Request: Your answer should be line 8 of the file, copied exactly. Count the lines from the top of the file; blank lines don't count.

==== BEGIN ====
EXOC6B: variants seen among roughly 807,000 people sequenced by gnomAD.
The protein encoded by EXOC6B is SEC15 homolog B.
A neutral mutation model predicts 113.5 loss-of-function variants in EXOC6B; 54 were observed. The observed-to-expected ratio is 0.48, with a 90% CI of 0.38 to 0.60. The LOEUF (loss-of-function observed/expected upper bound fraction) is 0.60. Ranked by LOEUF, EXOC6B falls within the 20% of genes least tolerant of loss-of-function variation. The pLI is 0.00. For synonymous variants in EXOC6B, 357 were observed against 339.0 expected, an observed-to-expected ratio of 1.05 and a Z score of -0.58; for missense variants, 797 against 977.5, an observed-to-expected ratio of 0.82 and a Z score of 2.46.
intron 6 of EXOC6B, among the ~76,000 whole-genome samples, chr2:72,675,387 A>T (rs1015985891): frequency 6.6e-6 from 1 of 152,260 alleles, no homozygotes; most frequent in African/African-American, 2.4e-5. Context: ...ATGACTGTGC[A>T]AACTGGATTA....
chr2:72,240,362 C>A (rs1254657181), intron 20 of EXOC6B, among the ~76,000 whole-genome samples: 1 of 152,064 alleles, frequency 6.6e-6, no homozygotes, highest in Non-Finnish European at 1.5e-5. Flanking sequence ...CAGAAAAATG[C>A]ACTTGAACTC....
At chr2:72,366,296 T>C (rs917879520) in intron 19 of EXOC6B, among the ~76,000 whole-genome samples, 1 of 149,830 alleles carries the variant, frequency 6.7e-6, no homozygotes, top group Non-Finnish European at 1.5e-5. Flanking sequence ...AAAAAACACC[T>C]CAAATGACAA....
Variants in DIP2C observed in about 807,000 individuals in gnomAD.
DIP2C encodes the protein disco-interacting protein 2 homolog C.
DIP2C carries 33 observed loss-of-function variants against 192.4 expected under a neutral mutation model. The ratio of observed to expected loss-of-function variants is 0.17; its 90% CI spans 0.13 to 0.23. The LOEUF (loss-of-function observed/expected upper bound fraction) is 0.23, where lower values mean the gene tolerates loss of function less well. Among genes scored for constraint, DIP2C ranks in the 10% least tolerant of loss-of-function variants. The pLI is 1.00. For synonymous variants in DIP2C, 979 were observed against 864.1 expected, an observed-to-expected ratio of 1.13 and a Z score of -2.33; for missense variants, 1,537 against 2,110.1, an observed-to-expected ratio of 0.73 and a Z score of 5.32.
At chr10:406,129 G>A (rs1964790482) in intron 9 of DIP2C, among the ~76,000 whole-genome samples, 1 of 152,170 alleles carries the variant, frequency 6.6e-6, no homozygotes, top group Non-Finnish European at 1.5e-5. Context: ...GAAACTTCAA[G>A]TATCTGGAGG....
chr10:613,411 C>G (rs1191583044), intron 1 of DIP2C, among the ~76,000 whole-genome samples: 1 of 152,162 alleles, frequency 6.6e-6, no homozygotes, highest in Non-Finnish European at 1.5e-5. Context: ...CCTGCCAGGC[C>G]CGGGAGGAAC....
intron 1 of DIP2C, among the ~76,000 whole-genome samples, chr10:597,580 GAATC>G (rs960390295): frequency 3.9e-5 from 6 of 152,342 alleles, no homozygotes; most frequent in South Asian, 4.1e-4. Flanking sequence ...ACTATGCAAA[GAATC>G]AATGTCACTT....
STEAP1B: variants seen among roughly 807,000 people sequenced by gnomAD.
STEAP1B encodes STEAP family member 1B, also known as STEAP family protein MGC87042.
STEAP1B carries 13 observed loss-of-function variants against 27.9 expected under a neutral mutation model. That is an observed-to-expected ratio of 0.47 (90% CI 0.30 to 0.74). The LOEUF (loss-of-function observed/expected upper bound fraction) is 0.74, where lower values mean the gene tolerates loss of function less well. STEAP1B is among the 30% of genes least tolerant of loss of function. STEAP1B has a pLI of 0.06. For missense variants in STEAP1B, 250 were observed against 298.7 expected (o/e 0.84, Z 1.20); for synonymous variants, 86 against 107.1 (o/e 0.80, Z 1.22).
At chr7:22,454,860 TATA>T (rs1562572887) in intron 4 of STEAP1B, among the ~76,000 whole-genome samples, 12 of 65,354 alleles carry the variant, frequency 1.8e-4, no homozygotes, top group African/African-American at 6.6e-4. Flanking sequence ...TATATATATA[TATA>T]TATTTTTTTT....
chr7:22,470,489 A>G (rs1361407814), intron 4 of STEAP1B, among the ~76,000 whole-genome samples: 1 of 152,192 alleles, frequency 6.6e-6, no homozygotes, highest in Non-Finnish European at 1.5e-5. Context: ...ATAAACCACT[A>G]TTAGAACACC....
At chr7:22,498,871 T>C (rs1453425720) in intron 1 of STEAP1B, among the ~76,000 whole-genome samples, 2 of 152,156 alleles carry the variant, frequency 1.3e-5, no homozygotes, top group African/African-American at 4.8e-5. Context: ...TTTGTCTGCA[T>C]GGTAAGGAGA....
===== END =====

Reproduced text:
DIP2C encodes the protein disco-interacting protein 2 homolog C.